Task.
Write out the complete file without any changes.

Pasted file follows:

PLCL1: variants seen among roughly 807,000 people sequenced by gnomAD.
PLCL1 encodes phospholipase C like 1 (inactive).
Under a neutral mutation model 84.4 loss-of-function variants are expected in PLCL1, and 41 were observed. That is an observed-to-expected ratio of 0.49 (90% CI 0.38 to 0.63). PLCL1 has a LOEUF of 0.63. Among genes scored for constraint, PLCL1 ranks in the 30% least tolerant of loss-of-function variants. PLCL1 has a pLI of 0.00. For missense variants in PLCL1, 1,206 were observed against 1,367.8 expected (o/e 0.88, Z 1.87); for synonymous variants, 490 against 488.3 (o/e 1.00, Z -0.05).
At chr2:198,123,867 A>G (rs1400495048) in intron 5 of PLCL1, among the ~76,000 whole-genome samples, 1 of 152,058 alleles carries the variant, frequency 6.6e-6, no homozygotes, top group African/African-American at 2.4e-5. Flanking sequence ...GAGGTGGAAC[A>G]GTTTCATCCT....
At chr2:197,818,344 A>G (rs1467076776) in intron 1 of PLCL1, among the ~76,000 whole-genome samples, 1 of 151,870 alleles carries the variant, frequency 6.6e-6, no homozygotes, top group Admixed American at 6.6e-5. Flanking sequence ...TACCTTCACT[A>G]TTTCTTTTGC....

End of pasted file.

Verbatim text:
PLCL1: variants seen among roughly 807,000 people sequenced by gnomAD.
PLCL1 encodes phospholipase C like 1 (inactive).
Under a neutral mutation model 84.4 loss-of-function variants are expected in PLCL1, and 41 were observed. That is an observed-to-expected ratio of 0.49 (90% CI 0.38 to 0.63). PLCL1 has a LOEUF of 0.63. Among genes scored for constraint, PLCL1 ranks in the 30% least tolerant of loss-of-function variants. PLCL1 has a pLI of 0.00. For missense variants in PLCL1, 1,206 were observed against 1,367.8 expected (o/e 0.88, Z 1.87); for synonymous variants, 490 against 488.3 (o/e 1.00, Z -0.05).
At chr2:198,123,867 A>G (rs1400495048) in intron 5 of PLCL1, among the ~76,000 whole-genome samples, 1 of 152,058 alleles carries the variant, frequency 6.6e-6, no homozygotes, top group African/African-American at 2.4e-5. Flanking sequence ...GAGGTGGAAC[A>G]GTTTCATCCT....
At chr2:197,818,344 A>G (rs1467076776) in intron 1 of PLCL1, among the ~76,000 whole-genome samples, 1 of 151,870 alleles carries the variant, frequency 6.6e-6, no homozygotes, top group Admixed American at 6.6e-5. Flanking sequence ...TACCTTCACT[A>G]TTTCTTTTGC....